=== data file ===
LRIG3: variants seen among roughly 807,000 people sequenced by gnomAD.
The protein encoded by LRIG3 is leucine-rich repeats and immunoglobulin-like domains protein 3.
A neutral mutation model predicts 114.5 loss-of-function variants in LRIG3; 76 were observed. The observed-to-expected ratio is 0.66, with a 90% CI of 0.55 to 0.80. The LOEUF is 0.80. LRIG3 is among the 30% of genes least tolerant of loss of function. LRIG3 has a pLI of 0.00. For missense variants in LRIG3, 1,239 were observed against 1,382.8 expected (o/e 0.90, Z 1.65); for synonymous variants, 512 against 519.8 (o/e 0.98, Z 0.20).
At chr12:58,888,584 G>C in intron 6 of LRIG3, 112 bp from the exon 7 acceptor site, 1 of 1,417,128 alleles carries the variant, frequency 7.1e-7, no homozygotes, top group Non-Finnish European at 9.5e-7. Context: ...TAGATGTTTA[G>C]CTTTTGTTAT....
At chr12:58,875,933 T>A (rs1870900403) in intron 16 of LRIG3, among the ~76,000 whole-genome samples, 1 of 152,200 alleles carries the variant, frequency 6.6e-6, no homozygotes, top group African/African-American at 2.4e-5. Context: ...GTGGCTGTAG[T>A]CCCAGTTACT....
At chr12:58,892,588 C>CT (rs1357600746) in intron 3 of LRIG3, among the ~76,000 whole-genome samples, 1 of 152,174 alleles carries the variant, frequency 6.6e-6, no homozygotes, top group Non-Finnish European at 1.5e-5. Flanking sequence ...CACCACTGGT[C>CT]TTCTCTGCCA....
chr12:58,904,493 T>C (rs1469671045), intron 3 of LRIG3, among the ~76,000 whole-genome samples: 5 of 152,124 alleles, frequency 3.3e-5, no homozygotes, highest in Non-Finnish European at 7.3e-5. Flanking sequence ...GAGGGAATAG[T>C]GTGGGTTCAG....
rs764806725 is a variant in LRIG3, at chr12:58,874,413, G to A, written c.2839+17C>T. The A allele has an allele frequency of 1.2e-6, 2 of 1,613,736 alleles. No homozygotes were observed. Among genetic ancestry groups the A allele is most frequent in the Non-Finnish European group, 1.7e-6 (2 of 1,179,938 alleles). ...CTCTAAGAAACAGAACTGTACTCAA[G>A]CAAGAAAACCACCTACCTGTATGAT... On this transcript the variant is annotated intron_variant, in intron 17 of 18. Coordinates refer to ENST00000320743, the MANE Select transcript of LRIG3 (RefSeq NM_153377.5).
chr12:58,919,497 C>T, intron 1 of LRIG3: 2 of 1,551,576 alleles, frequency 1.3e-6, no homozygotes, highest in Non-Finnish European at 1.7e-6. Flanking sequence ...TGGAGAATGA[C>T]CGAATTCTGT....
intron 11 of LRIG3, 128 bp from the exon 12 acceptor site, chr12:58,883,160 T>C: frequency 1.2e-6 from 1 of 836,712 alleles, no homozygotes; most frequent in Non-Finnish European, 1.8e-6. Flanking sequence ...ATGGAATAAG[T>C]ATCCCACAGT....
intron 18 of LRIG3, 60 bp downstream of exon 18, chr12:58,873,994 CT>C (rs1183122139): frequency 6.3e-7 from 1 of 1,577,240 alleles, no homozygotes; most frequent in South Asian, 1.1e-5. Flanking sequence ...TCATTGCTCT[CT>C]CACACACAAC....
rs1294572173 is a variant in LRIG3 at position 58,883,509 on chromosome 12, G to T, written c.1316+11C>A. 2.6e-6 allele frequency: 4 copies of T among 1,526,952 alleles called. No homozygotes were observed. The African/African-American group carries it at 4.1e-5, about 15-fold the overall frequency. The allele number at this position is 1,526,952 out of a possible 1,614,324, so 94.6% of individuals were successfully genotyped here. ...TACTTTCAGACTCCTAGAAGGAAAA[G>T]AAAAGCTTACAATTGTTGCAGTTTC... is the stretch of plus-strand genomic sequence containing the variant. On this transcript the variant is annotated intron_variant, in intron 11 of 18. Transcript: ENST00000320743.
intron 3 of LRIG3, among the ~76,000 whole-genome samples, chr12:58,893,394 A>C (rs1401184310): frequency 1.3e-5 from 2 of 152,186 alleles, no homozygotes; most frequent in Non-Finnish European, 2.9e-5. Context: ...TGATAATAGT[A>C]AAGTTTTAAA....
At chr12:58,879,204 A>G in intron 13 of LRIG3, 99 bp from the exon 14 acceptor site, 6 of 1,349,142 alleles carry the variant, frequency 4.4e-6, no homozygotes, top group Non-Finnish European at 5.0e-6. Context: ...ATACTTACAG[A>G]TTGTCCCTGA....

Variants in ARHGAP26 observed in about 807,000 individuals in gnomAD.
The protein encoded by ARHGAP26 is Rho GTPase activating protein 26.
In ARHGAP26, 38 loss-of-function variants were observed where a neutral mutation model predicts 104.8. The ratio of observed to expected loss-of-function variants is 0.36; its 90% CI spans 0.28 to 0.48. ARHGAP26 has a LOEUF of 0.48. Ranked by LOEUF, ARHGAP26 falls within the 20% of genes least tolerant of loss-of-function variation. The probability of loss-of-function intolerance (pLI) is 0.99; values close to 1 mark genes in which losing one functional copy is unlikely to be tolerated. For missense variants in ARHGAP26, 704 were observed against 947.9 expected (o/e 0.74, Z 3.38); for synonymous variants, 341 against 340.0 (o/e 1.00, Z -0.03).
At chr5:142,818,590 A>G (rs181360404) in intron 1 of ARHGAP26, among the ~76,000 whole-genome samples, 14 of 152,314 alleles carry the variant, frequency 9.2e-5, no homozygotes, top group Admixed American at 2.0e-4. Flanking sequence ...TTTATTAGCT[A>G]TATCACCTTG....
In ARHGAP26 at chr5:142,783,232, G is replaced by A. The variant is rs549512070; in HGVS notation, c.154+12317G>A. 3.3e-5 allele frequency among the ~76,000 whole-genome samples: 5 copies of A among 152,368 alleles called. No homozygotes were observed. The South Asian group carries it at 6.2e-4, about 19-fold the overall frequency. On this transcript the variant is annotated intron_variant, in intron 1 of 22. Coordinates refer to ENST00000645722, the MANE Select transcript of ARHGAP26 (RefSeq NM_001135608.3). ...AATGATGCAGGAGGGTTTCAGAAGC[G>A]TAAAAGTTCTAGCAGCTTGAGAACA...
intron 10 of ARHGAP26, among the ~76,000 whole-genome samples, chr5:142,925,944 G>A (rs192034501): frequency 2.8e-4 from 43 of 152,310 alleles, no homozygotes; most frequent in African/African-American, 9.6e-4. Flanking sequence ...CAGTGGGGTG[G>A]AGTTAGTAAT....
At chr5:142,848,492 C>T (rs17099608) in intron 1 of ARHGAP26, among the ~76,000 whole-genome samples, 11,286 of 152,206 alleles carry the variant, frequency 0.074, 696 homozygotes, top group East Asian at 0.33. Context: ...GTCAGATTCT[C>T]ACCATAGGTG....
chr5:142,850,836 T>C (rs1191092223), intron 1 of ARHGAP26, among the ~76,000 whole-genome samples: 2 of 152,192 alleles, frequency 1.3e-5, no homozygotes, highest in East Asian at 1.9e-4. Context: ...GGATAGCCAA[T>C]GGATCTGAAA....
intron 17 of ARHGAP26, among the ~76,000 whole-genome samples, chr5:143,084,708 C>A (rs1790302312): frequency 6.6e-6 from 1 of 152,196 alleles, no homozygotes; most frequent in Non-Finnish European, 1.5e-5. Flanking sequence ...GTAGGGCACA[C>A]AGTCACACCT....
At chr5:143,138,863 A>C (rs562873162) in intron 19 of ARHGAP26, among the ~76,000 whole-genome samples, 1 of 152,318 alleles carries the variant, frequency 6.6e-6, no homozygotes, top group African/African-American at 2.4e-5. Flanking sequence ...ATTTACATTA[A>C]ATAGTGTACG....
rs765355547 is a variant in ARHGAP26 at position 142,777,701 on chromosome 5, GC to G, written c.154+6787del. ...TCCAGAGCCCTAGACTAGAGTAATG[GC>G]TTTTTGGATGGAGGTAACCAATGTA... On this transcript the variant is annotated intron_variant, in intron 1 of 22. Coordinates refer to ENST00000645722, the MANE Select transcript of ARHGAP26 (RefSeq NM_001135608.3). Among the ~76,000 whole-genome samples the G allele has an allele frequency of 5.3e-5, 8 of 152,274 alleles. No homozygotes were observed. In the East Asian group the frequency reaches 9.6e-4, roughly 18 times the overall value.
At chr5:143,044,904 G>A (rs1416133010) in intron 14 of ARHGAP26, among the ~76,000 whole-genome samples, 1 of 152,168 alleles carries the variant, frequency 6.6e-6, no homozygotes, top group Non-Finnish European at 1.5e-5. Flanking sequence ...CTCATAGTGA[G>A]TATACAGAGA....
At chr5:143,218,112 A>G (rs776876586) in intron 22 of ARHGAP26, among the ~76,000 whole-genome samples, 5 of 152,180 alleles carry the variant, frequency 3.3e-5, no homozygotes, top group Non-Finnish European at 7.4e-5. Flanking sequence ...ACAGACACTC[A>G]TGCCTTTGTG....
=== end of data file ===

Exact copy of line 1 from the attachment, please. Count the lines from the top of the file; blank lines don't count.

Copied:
LRIG3: variants seen among roughly 807,000 people sequenced by gnomAD.